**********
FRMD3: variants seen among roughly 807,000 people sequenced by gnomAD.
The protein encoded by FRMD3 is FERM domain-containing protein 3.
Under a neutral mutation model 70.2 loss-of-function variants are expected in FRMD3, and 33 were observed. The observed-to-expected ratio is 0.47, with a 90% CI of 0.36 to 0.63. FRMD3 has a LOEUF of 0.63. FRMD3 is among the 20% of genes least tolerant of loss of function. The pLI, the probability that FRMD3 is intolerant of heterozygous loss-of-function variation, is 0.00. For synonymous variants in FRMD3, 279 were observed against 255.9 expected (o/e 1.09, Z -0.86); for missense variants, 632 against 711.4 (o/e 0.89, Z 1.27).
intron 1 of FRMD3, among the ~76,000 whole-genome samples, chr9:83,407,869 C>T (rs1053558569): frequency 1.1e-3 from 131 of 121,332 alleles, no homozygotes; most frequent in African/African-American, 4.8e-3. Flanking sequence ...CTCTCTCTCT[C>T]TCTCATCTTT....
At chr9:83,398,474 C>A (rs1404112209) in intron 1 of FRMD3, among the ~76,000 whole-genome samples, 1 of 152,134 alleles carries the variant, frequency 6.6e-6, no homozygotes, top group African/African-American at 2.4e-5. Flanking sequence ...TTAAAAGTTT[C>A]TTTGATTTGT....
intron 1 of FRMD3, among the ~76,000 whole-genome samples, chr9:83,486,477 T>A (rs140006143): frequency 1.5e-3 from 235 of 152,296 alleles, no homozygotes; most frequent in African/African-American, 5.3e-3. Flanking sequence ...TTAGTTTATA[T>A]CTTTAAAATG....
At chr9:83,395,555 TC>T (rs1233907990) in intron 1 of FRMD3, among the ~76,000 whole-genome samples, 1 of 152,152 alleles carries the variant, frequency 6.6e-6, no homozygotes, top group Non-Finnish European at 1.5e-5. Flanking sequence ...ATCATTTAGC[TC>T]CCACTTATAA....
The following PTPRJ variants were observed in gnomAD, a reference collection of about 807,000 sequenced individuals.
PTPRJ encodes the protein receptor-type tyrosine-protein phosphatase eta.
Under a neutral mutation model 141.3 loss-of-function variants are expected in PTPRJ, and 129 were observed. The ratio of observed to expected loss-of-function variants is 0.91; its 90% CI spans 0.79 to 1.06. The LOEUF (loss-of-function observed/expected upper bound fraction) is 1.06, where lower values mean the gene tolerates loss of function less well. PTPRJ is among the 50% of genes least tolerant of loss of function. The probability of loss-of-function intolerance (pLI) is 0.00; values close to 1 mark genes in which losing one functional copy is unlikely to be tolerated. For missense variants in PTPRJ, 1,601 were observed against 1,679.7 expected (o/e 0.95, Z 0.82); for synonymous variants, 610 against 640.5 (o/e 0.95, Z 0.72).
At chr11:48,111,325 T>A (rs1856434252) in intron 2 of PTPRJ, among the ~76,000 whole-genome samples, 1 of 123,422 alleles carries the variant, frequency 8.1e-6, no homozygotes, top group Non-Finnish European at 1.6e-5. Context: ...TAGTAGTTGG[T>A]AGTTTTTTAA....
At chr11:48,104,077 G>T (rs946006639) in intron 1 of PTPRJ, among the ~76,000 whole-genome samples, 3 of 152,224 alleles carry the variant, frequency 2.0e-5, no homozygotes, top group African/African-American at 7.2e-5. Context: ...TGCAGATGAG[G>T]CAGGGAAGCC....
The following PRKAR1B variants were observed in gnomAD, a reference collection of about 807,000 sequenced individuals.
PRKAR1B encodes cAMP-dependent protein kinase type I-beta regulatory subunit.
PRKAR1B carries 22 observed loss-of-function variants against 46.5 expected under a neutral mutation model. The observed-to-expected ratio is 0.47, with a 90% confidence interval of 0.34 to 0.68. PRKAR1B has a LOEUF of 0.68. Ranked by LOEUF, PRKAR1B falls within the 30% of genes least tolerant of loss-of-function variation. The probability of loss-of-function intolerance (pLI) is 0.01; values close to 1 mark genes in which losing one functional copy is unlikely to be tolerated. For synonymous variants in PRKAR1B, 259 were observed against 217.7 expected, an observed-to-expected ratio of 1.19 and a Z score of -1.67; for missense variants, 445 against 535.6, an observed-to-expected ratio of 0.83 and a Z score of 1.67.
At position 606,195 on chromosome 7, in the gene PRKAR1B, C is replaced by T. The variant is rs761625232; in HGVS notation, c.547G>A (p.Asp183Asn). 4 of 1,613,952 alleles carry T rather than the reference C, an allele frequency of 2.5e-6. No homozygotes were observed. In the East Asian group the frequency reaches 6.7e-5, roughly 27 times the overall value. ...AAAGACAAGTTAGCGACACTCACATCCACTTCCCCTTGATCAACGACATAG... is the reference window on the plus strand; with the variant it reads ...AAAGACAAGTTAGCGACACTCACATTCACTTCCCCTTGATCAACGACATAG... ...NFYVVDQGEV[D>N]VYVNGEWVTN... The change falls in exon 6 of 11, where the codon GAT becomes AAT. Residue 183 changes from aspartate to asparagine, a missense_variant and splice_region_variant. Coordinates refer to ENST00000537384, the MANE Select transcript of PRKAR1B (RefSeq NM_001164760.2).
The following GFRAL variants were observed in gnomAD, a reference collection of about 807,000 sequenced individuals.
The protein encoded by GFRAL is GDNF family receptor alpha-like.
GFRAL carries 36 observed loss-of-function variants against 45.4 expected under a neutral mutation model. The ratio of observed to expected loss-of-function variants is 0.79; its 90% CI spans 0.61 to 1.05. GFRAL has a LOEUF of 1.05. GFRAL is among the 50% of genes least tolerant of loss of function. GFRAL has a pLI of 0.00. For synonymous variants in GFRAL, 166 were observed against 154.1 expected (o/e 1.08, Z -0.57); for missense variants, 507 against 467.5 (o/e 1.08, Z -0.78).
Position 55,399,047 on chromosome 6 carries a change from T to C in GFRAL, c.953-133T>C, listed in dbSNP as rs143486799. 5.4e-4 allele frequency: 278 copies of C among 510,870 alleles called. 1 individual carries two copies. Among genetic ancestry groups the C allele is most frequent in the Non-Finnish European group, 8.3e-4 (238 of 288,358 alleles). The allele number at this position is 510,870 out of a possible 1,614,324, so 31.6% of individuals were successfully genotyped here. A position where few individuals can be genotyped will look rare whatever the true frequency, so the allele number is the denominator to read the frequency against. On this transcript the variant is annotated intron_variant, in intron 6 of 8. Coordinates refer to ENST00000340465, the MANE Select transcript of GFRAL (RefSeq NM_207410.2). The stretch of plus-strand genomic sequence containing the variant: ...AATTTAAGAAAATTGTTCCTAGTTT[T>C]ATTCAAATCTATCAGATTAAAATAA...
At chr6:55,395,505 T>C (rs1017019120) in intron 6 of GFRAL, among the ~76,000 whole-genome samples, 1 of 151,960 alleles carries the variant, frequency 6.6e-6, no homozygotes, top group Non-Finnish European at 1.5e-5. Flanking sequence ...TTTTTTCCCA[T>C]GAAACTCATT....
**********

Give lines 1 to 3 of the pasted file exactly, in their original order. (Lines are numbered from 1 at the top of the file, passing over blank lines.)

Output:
FRMD3: variants seen among roughly 807,000 people sequenced by gnomAD.
The protein encoded by FRMD3 is FERM domain-containing protein 3.
Under a neutral mutation model 70.2 loss-of-function variants are expected in FRMD3, and 33 were observed. The observed-to-expected ratio is 0.47, with a 90% CI of 0.36 to 0.63. FRMD3 has a LOEUF of 0.63. FRMD3 is among the 20% of genes least tolerant of loss of function. The pLI, the probability that FRMD3 is intolerant of heterozygous loss-of-function variation, is 0.00. For synonymous variants in FRMD3, 279 were observed against 255.9 expected (o/e 1.09, Z -0.86); for missense variants, 632 against 711.4 (o/e 0.89, Z 1.27).